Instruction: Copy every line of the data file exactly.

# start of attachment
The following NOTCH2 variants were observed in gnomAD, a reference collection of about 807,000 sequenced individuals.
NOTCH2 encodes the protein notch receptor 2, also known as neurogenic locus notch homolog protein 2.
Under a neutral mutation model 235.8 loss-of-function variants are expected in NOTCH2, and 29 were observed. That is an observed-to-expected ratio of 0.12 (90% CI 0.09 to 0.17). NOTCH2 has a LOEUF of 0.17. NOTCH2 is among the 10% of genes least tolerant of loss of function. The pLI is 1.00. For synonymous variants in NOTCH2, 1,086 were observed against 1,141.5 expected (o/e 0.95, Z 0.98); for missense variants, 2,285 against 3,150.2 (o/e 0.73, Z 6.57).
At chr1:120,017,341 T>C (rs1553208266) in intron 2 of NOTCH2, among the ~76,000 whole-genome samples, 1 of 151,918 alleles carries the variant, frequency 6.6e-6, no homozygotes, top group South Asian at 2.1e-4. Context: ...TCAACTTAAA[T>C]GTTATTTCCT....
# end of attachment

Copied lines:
The following NOTCH2 variants were observed in gnomAD, a reference collection of about 807,000 sequenced individuals.
NOTCH2 encodes the protein notch receptor 2, also known as neurogenic locus notch homolog protein 2.
Under a neutral mutation model 235.8 loss-of-function variants are expected in NOTCH2, and 29 were observed. That is an observed-to-expected ratio of 0.12 (90% CI 0.09 to 0.17). NOTCH2 has a LOEUF of 0.17. NOTCH2 is among the 10% of genes least tolerant of loss of function. The pLI is 1.00. For synonymous variants in NOTCH2, 1,086 were observed against 1,141.5 expected (o/e 0.95, Z 0.98); for missense variants, 2,285 against 3,150.2 (o/e 0.73, Z 6.57).
At chr1:120,017,341 T>C (rs1553208266) in intron 2 of NOTCH2, among the ~76,000 whole-genome samples, 1 of 151,918 alleles carries the variant, frequency 6.6e-6, no homozygotes, top group South Asian at 2.1e-4. Context: ...TCAACTTAAA[T>C]GTTATTTCCT....